If the “Worm” was a fiction film, I consider that the directors deserve all the highest cinematographic rewards. But still one oughts not to treat living people this way even if they consent to it. There should be not a legal but an internal, purely ethical ban on similar experiments “in vivo”. It is easy to prove using the ancient maxim: treat everybody so as you want to be treated yourself, The whole point is whether  the authors themselves are ready to expose to the public view their own lives so openly and under the same ambiguous name? If they are ready, then all and everything that has been shown can take place because there must be a certain symmetry relative to the camera: those before the camera, and those behind the camera - must be equal.

If before the camera and the director stays a fictional character they are wittingly unequal, since they are situated in absolutely different dymensions. Documentary film-maker cannot take liberties to forget, that he himself is exactly the same human being as the one  before the camera. This is the eternal drama of documentary cinema. You cannot escape from it but hide. Those whom we film do not realise that the worse their lives before the camera will be the better it is for the film. But if everything is fine the film most likely will not succeed.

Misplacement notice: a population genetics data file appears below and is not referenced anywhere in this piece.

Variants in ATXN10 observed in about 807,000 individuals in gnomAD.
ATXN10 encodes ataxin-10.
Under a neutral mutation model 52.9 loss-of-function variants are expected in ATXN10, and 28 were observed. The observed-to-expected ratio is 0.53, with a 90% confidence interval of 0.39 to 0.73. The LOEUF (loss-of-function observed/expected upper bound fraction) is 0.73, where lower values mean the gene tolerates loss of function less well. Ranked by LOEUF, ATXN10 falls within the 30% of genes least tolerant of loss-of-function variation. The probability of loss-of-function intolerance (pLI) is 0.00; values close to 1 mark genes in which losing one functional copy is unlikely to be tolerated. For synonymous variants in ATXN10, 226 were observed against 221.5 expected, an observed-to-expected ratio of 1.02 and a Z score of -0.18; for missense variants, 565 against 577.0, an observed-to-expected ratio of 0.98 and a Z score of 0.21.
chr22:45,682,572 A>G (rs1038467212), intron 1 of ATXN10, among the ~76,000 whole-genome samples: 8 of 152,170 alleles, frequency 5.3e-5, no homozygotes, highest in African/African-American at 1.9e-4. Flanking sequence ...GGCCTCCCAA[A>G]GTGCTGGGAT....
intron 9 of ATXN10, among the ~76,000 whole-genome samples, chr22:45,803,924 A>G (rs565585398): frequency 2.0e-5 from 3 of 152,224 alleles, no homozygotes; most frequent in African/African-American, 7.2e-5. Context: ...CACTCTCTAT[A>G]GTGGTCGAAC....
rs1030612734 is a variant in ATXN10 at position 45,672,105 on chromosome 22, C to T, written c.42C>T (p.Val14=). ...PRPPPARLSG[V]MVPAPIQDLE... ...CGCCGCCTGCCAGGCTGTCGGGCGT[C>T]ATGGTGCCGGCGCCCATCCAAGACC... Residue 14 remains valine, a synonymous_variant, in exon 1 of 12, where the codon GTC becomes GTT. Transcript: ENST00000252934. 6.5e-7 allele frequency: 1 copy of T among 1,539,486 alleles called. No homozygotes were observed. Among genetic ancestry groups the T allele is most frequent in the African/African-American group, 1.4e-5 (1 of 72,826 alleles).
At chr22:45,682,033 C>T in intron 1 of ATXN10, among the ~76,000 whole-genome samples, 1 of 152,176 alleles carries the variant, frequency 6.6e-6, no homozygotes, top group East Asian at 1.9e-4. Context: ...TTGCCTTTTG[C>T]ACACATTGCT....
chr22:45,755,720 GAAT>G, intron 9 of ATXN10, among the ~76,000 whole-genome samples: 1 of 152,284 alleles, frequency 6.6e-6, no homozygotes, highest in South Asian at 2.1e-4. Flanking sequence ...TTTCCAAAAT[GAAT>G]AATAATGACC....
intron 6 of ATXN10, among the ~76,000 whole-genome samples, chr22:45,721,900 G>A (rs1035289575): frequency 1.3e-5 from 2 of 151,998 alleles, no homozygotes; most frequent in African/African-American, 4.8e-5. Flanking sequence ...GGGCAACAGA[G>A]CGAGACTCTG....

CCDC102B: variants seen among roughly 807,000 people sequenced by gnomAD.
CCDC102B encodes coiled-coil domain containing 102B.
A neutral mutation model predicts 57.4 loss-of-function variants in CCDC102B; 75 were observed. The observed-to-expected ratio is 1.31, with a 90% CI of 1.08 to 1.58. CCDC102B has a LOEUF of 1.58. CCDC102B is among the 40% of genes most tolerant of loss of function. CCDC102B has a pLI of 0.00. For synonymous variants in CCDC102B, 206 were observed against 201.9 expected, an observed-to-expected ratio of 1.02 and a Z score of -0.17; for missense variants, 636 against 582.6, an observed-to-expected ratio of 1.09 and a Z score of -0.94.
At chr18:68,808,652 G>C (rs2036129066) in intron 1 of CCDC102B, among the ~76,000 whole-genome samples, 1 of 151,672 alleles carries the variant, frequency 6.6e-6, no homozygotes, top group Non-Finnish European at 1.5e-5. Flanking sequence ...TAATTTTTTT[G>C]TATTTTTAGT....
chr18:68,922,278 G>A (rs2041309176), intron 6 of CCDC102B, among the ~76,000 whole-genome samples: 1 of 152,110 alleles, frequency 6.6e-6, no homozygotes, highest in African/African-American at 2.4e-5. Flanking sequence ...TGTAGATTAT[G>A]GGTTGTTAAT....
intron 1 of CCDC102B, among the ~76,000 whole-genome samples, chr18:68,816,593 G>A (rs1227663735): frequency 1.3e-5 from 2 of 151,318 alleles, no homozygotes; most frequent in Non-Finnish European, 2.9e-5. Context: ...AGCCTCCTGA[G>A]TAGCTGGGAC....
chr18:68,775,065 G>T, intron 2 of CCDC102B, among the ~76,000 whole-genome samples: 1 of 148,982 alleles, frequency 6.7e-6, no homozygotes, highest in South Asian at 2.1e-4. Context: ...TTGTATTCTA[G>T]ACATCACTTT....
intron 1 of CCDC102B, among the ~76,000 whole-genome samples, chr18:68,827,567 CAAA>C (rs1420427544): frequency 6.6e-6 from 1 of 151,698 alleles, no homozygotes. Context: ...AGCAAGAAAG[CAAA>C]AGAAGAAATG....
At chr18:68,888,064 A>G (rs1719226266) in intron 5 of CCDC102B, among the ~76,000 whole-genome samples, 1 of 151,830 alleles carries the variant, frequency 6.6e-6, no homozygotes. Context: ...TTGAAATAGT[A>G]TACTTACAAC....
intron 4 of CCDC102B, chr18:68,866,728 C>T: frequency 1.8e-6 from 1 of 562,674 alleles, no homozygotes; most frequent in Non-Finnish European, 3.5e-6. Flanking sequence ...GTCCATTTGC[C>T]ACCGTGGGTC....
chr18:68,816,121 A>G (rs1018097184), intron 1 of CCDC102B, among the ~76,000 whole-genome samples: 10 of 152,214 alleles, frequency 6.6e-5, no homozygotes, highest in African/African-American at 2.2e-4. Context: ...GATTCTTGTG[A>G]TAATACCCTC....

It is possible to mask this contradiction by the dissemblingly directed forms of production, that actually are prevailing in the documentary cinema. This is a rescue compromise we most frequently are satisfied with. Pure observation, cannot arrange a character if he or she is free to make his/her choises and does not suffer from narcissism. Admittedly it cannot arrange also the director because it deprives him of his right to intevene in the reality.

Riga born Sergey Eisenstein has this formula: “seems like a newsreel – works like a drama”. It relates to the “Battleship “Potemkin”, but transfered to the documentary film it possibly means: looks like a newsreel, works like art. Moreover like a highly developed, in many respects avantgarde art, the strongest driving force of which is the concurrent tendency towards two mutually exclusive purposes:  the photographic authenticity and the formal perfection. And the best result (estimate your own reaction) is reached, when these extremes are maximally separated.